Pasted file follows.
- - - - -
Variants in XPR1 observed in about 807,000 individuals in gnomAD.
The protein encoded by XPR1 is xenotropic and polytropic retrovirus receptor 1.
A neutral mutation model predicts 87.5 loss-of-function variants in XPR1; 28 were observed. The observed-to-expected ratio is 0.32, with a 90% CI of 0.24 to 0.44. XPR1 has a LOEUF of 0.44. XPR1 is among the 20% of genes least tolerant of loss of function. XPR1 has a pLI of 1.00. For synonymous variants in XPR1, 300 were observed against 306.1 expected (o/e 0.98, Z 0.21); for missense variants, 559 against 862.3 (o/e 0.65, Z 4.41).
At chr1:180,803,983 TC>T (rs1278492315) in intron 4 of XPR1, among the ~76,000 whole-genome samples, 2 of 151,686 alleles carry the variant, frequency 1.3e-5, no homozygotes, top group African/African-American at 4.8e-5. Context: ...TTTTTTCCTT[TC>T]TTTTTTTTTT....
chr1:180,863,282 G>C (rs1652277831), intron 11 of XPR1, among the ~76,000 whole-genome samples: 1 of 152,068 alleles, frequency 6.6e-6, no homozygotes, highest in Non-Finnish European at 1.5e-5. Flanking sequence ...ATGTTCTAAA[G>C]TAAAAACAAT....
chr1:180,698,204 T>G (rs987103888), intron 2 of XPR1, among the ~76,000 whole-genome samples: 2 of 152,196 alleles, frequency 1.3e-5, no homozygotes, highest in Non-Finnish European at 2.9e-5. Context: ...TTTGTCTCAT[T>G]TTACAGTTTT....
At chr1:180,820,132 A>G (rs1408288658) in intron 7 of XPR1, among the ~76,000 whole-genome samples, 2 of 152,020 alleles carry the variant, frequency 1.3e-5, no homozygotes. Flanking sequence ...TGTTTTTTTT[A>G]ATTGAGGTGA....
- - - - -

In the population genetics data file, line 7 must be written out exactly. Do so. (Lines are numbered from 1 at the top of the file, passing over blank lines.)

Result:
At chr1:180,820,132 A>G (rs1408288658) in intron 7 of XPR1, among the ~76,000 whole-genome samples, 2 of 152,020 alleles carry the variant, frequency 1.3e-5, no homozygotes. Flanking sequence ...TGTTTTTTTT[A>G]ATTGAGGTGA....